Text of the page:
Ever notice how the decor in pretty much every American family-style restaurant chain tends towards “vintage” in its decor? Whether it’s an adolescent server at TGI Fridays forced to wear retro buttons, the little triangle peg game at Cracker Barrel, or just a framed picture of Jackie Robinson at the McDonald’s off Exit 278, there’s an unspoken standard that equates nostalgia with hunger. Astute visitors to Captiva Island, Florida may ask the question: “Has any restaurant ever pushed this cozy decorating concept as far as the insane extremes of The Bubble Room?”
Started in 1979 in the front room of the Farqhuarson family home, the interior design began as a modest display of old children’s toys from the 1930s and 1940s like Kewpie dolls, stuffed gorillas, and vintage tin airplanes, before metastasizing into a pastel candyland of chintz and tchotchkes. The decorative concept behind the Bubble Room was, “It’s always Christmas at The Bubble Room.” However, unless your Christmas featured a three-level train set, an endless universe of bric-a-brac, and walls covered in thousands of skewed black-and-white glossies featuring obscure celebrities (like Suzanne Heyward’s stunt double), there isn’t a square foot in the restaurant that doesn’t have a curio.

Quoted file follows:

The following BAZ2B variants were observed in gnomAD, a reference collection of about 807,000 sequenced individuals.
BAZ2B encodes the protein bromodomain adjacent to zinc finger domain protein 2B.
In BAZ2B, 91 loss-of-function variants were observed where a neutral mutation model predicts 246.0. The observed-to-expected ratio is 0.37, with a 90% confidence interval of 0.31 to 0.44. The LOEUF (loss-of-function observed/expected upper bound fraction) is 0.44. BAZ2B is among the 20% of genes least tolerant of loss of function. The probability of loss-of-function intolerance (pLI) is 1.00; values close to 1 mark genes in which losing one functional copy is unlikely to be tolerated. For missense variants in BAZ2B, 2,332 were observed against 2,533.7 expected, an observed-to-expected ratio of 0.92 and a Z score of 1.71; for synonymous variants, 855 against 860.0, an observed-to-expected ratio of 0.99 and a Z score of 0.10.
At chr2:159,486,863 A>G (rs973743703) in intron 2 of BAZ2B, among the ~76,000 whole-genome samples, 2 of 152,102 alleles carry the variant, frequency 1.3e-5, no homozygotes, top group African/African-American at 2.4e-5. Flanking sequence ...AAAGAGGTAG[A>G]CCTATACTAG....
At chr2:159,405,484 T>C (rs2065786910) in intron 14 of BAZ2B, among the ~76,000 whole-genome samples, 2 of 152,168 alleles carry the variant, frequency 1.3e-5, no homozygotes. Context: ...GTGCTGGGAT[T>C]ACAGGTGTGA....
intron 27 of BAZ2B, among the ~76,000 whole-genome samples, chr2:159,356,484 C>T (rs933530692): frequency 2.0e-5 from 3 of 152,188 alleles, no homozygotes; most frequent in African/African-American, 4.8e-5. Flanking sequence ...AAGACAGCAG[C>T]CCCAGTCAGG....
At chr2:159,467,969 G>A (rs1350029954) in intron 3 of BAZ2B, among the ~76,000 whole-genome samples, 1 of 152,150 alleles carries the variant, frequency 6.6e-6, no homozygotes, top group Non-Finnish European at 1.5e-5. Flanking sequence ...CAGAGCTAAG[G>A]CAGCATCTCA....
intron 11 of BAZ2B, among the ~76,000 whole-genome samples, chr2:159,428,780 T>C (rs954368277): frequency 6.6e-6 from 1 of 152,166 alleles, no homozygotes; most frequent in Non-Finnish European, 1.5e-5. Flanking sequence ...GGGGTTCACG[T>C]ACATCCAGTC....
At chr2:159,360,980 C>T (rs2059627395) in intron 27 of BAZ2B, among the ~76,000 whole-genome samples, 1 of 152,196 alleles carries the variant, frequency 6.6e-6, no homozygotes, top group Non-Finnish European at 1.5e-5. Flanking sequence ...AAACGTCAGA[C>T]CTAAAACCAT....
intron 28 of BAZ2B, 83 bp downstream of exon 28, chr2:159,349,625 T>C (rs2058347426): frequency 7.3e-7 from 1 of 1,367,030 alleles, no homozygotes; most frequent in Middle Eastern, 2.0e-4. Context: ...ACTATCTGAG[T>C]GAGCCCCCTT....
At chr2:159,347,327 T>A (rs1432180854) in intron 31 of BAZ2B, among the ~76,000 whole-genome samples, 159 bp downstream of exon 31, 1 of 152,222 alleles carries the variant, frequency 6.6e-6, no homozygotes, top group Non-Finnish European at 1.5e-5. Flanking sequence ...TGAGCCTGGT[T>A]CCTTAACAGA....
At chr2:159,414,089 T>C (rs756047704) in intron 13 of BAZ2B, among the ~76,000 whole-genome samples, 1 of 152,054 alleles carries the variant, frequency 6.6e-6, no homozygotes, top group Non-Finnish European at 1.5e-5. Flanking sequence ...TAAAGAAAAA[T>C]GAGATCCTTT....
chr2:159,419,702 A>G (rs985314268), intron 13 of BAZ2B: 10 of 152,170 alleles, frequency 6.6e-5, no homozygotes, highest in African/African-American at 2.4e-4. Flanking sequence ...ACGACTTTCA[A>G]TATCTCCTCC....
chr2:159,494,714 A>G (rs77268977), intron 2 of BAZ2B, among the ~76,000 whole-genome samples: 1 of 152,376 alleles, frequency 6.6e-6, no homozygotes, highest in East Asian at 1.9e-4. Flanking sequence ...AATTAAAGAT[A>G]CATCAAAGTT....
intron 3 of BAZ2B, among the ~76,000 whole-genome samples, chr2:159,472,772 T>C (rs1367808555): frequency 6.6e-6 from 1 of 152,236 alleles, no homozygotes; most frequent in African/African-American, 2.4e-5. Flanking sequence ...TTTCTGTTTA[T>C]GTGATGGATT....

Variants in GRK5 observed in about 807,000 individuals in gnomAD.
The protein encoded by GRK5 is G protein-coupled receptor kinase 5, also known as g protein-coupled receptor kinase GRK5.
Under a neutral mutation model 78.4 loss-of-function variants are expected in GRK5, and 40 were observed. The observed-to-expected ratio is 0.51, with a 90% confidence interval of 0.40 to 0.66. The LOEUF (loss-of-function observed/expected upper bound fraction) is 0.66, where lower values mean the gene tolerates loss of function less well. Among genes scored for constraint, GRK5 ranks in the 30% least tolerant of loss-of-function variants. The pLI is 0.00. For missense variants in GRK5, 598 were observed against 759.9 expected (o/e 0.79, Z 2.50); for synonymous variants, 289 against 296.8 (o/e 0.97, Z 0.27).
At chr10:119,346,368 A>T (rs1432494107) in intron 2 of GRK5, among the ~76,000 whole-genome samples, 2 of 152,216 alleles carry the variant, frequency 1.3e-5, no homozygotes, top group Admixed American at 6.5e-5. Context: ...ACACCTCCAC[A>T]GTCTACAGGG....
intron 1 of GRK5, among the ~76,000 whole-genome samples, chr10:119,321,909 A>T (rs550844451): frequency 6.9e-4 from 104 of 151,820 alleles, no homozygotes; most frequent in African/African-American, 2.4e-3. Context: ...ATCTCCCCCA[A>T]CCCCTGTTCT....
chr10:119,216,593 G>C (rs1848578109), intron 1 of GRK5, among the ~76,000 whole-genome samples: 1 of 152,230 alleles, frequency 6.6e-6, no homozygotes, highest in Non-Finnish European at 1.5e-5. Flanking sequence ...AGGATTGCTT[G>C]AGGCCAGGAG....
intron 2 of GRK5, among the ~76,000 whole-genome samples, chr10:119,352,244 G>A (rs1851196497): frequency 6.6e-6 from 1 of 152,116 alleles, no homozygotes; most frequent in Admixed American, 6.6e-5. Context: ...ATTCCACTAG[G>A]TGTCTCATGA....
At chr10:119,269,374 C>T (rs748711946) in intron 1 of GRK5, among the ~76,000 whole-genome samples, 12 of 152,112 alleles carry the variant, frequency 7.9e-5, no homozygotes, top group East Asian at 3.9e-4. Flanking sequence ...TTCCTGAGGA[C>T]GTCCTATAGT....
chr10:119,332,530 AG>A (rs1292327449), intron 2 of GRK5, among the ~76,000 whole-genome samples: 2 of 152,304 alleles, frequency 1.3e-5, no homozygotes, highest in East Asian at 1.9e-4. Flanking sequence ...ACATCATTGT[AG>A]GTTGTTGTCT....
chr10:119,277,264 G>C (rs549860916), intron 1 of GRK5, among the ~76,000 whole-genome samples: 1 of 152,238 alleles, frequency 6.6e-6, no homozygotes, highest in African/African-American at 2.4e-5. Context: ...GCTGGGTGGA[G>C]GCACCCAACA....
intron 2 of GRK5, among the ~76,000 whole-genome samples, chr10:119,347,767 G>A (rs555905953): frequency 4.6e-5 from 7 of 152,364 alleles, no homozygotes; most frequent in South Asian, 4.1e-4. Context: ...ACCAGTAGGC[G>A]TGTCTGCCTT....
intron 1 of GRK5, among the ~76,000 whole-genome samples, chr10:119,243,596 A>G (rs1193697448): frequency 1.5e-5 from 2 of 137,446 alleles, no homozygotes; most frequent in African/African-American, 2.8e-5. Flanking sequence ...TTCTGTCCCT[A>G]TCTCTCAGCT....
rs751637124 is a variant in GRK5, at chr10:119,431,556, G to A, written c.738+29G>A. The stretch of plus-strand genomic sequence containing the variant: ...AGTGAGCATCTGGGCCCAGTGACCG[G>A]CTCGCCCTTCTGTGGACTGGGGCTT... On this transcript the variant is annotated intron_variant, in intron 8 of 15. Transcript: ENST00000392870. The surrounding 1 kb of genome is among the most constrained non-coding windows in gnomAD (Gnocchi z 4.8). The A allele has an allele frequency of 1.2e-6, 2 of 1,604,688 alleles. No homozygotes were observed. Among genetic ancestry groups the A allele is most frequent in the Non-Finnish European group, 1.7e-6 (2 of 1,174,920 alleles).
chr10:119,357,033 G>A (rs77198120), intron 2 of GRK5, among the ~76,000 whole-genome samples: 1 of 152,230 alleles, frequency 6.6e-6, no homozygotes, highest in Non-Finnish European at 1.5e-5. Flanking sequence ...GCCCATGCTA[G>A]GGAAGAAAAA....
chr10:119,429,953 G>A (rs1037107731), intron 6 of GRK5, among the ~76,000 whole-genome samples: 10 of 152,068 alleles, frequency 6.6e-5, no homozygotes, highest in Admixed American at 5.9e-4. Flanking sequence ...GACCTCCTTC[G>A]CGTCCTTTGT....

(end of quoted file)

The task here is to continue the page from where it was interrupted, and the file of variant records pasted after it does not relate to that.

The food is the apogee of comfort food. A Shirley Temple ordered there probably has little pieces of Shirley Temple in it, it’s that authentic. Then there’s the Carolina Moons, the perfect flash-fried amalgamation of cheese and bacon and fried taters that’s so comfortable, it’s like eating a couch. Of particular fame are their seven-cheese Bubble Bread and Orange Crunch Cake, a moist yellow cake layered with almond brown sugar crunch and coated in an orange cream cheese frosting.
The theme of the Bubble Room isn’t Christmas, it is that you have died and now you’re with your grandparents in the afterlife.